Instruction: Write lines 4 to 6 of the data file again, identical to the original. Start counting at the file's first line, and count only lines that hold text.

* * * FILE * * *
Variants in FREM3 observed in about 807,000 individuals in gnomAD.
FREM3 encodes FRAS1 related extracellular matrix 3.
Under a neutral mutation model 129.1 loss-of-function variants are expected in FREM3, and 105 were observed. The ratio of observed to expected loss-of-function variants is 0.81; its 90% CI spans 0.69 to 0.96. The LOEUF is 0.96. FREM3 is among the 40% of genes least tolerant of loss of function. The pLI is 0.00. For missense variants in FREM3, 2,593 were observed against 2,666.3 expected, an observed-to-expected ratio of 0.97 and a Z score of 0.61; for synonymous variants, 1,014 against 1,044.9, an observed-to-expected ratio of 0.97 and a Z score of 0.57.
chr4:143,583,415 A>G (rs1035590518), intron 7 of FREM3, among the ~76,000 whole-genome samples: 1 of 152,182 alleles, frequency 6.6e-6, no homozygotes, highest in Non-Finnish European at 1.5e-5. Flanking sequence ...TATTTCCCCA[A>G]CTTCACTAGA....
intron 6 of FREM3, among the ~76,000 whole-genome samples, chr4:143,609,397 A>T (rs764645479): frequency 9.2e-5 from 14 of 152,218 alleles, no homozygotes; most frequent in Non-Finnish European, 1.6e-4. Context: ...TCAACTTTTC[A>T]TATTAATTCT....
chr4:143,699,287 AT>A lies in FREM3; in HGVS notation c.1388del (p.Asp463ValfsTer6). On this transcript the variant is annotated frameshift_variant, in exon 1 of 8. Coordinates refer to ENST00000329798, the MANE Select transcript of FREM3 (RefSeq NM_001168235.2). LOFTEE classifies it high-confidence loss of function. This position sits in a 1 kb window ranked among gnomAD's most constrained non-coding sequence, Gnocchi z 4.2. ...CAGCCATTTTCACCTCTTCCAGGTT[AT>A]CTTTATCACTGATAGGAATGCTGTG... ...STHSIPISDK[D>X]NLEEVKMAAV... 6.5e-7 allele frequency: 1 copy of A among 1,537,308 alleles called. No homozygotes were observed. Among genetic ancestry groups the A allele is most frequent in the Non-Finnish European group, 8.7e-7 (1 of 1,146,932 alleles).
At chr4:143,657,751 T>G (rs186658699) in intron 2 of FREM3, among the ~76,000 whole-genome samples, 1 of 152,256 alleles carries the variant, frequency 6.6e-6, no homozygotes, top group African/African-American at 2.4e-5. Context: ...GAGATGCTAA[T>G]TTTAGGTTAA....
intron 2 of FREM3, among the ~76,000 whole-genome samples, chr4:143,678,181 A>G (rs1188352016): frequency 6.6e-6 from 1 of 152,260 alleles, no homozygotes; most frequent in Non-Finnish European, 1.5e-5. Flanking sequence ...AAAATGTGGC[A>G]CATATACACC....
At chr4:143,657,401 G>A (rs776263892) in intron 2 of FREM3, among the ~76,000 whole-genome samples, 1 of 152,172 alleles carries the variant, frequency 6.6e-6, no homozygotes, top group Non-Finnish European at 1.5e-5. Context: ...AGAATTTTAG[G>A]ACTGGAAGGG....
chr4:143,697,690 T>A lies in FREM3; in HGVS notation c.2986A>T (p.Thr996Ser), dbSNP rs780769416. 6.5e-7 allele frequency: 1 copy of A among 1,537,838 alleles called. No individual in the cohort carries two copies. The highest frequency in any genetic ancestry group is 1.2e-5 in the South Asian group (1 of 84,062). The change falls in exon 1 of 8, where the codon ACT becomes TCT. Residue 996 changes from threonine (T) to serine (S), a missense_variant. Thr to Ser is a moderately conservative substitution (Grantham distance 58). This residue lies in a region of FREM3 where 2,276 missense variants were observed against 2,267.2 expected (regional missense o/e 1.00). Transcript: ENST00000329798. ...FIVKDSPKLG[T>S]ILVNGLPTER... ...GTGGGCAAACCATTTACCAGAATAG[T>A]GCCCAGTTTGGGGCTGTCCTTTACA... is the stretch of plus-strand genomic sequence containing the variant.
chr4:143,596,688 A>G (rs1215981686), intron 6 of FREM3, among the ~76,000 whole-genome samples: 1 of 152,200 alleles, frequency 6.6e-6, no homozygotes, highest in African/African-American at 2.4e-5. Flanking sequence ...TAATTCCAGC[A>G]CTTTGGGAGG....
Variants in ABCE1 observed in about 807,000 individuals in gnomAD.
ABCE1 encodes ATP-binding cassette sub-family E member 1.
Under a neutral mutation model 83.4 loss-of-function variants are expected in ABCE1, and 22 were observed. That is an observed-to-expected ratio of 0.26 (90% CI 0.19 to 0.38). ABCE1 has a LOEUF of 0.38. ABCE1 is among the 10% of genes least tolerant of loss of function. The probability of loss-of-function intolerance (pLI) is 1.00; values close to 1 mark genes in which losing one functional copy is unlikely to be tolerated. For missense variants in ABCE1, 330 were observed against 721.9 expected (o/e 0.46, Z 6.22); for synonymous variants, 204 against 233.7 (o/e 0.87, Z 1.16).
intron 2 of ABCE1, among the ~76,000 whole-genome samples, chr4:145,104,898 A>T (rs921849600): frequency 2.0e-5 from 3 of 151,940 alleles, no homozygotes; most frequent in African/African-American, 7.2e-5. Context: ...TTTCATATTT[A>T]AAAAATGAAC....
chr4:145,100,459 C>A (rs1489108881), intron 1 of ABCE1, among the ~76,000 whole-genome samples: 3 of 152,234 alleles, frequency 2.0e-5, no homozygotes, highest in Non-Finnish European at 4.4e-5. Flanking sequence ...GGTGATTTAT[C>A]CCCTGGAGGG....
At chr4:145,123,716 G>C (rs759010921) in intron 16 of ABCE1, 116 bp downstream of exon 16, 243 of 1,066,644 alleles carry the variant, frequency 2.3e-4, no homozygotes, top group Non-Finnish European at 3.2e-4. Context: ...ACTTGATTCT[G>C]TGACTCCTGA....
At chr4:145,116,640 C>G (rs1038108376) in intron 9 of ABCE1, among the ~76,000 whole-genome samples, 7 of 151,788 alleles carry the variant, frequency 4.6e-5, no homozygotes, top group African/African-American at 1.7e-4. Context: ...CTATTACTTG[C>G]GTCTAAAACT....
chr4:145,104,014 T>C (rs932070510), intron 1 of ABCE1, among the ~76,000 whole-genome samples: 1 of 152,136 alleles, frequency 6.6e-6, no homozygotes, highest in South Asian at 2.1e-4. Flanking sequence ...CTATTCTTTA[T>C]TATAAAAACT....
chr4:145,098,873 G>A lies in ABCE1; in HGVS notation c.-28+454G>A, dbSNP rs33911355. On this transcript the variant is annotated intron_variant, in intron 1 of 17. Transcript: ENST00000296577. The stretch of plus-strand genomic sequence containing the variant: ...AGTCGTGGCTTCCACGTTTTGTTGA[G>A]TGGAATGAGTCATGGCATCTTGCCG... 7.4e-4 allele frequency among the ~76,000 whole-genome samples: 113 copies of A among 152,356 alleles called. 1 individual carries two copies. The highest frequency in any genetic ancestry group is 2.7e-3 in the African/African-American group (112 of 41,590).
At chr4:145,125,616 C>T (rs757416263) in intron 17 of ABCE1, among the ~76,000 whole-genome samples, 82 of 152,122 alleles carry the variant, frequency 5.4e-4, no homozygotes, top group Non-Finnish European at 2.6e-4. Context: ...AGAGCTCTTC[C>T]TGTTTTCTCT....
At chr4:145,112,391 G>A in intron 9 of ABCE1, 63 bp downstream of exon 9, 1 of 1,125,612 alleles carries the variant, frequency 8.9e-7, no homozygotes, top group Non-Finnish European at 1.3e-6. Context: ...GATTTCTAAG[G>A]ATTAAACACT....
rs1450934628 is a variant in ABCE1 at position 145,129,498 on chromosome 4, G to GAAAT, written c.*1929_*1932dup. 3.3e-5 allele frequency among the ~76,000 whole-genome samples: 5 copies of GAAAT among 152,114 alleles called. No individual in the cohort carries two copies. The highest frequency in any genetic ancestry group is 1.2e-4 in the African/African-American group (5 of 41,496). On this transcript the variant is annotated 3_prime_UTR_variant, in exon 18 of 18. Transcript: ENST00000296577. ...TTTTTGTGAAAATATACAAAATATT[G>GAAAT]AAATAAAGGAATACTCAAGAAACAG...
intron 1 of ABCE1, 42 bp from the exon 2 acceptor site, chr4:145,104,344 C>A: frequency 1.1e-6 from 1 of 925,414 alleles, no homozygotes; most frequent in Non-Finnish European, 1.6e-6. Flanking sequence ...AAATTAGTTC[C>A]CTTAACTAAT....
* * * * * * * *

chr4:143,583,415 A>G (rs1035590518), intron 7 of FREM3, among the ~76,000 whole-genome samples: 1 of 152,182 alleles, frequency 6.6e-6, no homozygotes, highest in Non-Finnish European at 1.5e-5. Flanking sequence ...TATTTCCCCA[A>G]CTTCACTAGA....
intron 6 of FREM3, among the ~76,000 whole-genome samples, chr4:143,609,397 A>T (rs764645479): frequency 9.2e-5 from 14 of 152,218 alleles, no homozygotes; most frequent in Non-Finnish European, 1.6e-4. Context: ...TCAACTTTTC[A>T]TATTAATTCT....
chr4:143,699,287 AT>A lies in FREM3; in HGVS notation c.1388del (p.Asp463ValfsTer6). On this transcript the variant is annotated frameshift_variant, in exon 1 of 8. Coordinates refer to ENST00000329798, the MANE Select transcript of FREM3 (RefSeq NM_001168235.2). LOFTEE classifies it high-confidence loss of function. This position sits in a 1 kb window ranked among gnomAD's most constrained non-coding sequence, Gnocchi z 4.2. ...CAGCCATTTTCACCTCTTCCAGGTT[AT>A]CTTTATCACTGATAGGAATGCTGTG... ...STHSIPISDK[D>X]NLEEVKMAAV... 6.5e-7 allele frequency: 1 copy of A among 1,537,308 alleles called. No homozygotes were observed. Among genetic ancestry groups the A allele is most frequent in the Non-Finnish European group, 8.7e-7 (1 of 1,146,932 alleles).